23 January, 2015

Soft proofing black-and-white for matte paper

Indooroopilly Bridge, Brisbane Queensland [click to enlarge]

I love Lightroom and I love the soft proofing feature — for colour.

Unfortunately, the colour printer profiles when used for soft proofing black-and-white images for matte paper aren't much help. For example, when I switch on the soft proofing using a printer profile for Epson's Hot Press Natural, Lightroom hobbles the contrast to the point that it appears like there's a milky cast over the image.

I get it: Matte papers don't have the contrast and the Dmax of semi-gloss and gloss papers. But if the idea is that I can adjust my image for Hot Press Natural (a matte paper) to replicate the look on the screen or on Canson Baryta Photographique (a semi-gloss paper) — that isn't going to happen. And if I print the image with no/few changes, the contrast won't be anything like what the soft proof predicts.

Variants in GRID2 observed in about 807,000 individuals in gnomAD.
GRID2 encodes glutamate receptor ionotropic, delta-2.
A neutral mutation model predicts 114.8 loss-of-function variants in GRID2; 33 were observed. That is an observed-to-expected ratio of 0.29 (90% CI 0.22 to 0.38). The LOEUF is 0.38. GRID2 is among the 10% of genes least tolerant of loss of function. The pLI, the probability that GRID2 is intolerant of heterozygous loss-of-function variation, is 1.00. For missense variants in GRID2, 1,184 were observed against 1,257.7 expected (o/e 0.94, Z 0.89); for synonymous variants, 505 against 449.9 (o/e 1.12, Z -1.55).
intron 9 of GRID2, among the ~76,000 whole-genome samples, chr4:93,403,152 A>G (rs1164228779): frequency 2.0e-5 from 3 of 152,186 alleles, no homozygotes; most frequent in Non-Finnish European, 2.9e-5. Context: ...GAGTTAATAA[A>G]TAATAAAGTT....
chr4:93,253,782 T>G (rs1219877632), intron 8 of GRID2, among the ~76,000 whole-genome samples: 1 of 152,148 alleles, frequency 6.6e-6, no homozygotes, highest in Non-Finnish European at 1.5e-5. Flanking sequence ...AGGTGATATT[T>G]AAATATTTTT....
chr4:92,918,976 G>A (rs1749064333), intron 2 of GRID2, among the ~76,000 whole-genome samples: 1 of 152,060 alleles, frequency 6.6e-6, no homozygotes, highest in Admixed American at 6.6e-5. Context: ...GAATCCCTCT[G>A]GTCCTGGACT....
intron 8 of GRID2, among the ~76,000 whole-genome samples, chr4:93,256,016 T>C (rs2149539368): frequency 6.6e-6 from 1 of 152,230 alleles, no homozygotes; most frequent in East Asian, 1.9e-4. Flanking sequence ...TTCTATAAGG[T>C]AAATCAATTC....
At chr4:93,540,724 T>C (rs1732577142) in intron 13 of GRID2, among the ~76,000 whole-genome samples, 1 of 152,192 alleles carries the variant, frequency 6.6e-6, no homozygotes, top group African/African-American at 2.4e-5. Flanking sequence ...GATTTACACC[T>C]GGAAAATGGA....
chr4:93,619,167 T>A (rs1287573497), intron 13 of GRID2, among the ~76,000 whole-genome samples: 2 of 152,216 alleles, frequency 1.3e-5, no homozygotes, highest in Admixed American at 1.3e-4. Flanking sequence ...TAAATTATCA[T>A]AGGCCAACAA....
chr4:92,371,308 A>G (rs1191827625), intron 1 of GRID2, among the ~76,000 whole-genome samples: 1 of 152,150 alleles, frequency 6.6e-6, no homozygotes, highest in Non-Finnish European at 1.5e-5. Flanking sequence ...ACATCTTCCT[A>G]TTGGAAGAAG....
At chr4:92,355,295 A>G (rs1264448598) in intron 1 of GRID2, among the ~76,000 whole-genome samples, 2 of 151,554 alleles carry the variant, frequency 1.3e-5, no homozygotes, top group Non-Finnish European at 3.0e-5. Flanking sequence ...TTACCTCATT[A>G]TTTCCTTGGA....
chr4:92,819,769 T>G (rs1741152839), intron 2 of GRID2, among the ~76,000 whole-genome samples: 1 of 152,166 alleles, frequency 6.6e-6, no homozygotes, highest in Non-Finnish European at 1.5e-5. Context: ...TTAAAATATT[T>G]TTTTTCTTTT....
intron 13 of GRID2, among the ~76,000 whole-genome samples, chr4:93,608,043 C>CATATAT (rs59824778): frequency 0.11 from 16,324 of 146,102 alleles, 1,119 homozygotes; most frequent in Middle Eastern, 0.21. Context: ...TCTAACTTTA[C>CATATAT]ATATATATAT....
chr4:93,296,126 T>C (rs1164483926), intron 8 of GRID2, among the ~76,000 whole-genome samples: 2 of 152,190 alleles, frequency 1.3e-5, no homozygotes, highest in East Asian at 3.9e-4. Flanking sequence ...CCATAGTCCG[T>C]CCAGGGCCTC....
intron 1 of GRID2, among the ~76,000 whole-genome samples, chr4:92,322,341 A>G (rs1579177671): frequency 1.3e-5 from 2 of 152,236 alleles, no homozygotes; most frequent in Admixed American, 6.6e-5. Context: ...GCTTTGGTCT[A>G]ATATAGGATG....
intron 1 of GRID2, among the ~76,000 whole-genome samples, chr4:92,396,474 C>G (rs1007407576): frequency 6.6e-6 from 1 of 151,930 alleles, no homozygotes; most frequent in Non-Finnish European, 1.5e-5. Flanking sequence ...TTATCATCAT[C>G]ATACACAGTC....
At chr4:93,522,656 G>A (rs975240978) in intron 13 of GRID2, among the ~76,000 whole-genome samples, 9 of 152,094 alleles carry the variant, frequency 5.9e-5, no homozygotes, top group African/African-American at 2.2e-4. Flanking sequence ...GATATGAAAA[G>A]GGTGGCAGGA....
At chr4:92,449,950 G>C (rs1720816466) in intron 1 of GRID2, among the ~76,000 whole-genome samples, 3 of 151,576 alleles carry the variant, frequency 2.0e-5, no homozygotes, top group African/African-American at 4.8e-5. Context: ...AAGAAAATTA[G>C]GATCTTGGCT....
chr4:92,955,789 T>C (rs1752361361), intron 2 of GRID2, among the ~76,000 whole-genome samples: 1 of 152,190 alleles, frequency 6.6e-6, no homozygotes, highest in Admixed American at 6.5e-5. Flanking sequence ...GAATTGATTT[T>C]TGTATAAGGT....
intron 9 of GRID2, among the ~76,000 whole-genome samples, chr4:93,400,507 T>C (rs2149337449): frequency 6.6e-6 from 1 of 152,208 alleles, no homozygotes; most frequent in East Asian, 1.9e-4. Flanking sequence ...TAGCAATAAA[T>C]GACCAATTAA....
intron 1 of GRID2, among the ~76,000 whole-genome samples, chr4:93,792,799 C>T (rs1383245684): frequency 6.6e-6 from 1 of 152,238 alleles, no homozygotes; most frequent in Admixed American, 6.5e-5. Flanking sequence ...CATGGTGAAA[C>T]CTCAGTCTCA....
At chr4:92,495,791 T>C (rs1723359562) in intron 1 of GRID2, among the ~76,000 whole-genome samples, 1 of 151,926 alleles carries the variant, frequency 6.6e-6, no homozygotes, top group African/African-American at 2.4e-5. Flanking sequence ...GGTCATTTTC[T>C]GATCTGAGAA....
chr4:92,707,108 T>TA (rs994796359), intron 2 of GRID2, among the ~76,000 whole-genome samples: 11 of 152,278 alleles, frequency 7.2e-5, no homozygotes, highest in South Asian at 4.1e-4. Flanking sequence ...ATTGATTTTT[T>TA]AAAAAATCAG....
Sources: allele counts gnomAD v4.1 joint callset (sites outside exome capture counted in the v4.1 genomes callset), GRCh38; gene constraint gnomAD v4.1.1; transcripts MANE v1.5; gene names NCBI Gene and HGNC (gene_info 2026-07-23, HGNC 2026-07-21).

With black and white images there aren't going to be any "out of gamut" alarm bells ringing. And, regarding rendering intent, "relative" is the easy choice as it best preserves the luminance information. (I can't see any difference between "relative" and "perceptual" anyway. I do, however, worry a bit that Eric Chan, Principal Scientist at Adobe, advises "perceptual" for his images going to Epson Advanced Black-and-White. On the other hand, Jeff Schewe, author of "The Digital Print," tends toward "relative.")

The solutions are simple:
  1. If I need more contrast than I can get out of matte paper, then I should print on something else; or 
  2. Leave well enough alone and live with the fact that soft proofing can't do everything. (I know how far I can press the contrast on HPN, and I know what the blacks will look like.)

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